Daycare facility dominates Pocopson meeting

Pocopson Township supervisors spent the bulk of their 1 ½- hour meeting on Monday, March 14, discussing a proposed children's daycare center – a facility some residents oppose.

Victor Kelly, an engineer, display a rendering of the proposed daycare facility at the Riverside at Chadds Ford community.

Victor Kelly, an engineer for the Riverside Daycare Partnership, displays a rendering of the proposed facility at the Riverside at Chadds Ford community.

Victor Kelly, an engineer who represents the Riverside Daycare Partnership, appeared before the board seeking approval of preliminary land development plans to build a Ducklings Early Learning Center on Winston Lane in the Riverside at Chadds Ford subdivision.

Kelly said the 10,000-square-foot center would serve about 120 children and would be open from 7 a.m. to 6 p.m. He said the township’s planning commission had supported three waivers the group was requesting.

Adam G. Marcus, an attorney representing the Riverside homeowners’ association, said his group strongly opposes the application. Scott Kirkland, the Riverside HOA president, said a vote to purchase the two-acre tract fell short because of the cost, and so the group asked Marcus to explore less-expensive ways to block the facility, such as possibly buying back Winston Lane.

Pocopson Township Supervisors Alice Balsama (from left), Elaine DiMonte, and Ricki Stumpo agree to revisit the daycare proposal after the planning commission reviews materials from those opposing it.

Pocopson Township Supervisors Alice Balsama (from left), Elaine DiMonte, and Ricki Stumpo agree to revisit the daycare proposal after the planning commission reviews materials from those opposing it.

Two residents of the subdivision said they were unaware of the vote and said they did not believe the association should take steps to thwart the center.

Marcus presented the supervisors with an eight-page memorandum outlining reasons that the plan should be denied. “They are proposing what is essentially a school,” he said, adding that zoning issues had not been properly addressed.

The supervisors, who have until the end of May to make a decision, agreed to table the issue until the Pocopson Township Planning Commission could review the document at its next meeting and share its assessment with the supervisors. “It behooves us to take a look at it,” Supervisor Alice Balsama said of the memorandum.

In other business, Richard O’Brien from Keystone Municipal Services, the township’s building codes provider, said work is progressing on obtaining the final permits needed to receive a certificate of occupancy for the section of the Barnard House that will house the Kennett Underground Railroad Center.

The historic building, once a stop on the Underground Railroad, was originally envisioned as the home of KURC as well as the township’s offices; however, the latter use has hit a number of snags due to the building’s layout and renovation costs. Supervisors’ Chairwoman Ricki Stumpo said the board reached out to the Chester County Commissioners to schedule a meeting to discuss other options.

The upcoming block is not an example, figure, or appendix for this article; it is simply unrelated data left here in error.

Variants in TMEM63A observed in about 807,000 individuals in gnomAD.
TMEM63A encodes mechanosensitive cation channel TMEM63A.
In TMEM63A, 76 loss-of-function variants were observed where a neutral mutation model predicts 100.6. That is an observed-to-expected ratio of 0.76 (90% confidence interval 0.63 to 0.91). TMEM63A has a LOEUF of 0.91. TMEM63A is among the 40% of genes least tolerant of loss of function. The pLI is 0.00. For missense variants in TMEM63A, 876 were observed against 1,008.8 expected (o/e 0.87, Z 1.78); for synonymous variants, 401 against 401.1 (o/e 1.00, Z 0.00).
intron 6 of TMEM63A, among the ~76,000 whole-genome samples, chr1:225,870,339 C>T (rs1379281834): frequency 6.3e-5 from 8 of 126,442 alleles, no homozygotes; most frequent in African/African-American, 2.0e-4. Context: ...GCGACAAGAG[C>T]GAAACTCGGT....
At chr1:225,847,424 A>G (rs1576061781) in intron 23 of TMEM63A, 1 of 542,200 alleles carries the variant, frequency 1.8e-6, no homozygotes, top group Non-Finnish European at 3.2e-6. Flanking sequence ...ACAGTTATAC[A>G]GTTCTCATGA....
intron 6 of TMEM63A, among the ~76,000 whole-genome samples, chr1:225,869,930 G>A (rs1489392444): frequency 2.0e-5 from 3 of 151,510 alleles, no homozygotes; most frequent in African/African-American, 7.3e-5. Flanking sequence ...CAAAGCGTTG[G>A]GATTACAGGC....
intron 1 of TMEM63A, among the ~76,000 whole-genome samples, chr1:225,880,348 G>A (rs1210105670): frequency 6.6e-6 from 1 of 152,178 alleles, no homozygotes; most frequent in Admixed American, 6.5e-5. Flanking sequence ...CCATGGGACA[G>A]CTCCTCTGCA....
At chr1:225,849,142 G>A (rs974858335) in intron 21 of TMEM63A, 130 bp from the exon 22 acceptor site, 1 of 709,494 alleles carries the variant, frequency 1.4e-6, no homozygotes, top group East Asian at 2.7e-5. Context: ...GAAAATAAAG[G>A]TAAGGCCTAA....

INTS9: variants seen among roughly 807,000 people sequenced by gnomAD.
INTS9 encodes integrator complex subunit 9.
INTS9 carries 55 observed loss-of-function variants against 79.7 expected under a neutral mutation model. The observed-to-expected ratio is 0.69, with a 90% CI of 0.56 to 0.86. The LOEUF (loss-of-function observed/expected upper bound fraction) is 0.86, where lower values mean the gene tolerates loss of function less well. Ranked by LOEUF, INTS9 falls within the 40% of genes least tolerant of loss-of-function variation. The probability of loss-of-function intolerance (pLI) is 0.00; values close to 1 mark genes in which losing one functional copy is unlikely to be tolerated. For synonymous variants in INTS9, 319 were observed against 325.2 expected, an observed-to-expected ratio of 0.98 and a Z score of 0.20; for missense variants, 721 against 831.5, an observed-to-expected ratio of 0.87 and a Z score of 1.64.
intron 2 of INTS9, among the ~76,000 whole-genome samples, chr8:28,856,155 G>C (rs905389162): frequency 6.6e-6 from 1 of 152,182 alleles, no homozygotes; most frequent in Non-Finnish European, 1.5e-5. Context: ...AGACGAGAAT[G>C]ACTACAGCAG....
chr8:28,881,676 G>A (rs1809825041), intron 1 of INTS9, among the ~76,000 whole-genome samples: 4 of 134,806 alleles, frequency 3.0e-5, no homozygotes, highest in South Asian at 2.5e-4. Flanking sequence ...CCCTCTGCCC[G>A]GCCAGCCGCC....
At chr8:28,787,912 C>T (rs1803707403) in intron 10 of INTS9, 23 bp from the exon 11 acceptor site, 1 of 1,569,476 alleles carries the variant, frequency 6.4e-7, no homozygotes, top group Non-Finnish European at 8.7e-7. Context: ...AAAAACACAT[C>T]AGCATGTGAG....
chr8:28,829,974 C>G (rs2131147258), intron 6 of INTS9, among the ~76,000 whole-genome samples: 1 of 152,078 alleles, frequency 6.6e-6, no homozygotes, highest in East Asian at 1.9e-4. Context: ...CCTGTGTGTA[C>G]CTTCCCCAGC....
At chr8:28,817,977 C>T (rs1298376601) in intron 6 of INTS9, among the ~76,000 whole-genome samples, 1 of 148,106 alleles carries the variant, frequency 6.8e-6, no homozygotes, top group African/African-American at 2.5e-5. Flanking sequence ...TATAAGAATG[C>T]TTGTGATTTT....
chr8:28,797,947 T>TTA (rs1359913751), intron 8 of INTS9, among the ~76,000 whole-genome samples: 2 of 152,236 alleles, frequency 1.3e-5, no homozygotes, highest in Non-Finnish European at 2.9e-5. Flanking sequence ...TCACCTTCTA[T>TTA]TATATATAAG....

The county sold the building to the township for $1 in 2008, a purchase that came with restrictions on its use. Stumpo said the supervisors have not yet heard back from the commissioners about their request for a sit-down.

 At the supervisors’ request, Public Works Director Mark Knightly solicited two estimates for work on the windows and doors at the Barnard House. One contractor agreed to paint everything and make minimal repairs to rotted sills for $5,600 while another estimated that it would cost more than $150,000 to replace everything, Knightly said.

The supervisors agreed that they need to have a plan for the whole building before committing to the high cost of replacement. “We want to restore it and protect it, but to what level?” asked Supervisor Elaine DiMonte.

Stumpo reported that four residents have volunteered to represent the township on the Kennett Public Library Board of Trustees and that interviews would be conducted.

Finally, DiMonte said she attended a recent meeting of the Chester County Association of Township Officials, which included a fascinating session on drone ordinances. She said Upper Uwchlan and East Goshen townships already have regulations in place.

“I think it would be good to get out in front of this,” she said.

Balsama agreed, noting that she has seen myriad uses of drones in the business world, and while some of those uses are positive, drones have also caused traffic problems in the air and on land.

Gary Summers, who heads the planning commission and attended Monday night’s meeting, said he would bring the issue before his group.

 

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About Kathleen Brady Shea

Kathleen Brady Shea, a nearly lifelong area resident, has been reporting on local news for several decades, including 19 years at the Philadelphia Inquirer. She believes that journalists provide a vital watchdog service in the community, and she embraces that commitment. In addition to unearthing news, she also enjoys digging up dirt in her garden, a hobby that frequently fosters Longwood Gardens envy. Along with her husband, Pete, she lives in a historic residence near the Brandywine Battlefield, a property that is also home to a sheep, a goat, and a passel of fish.

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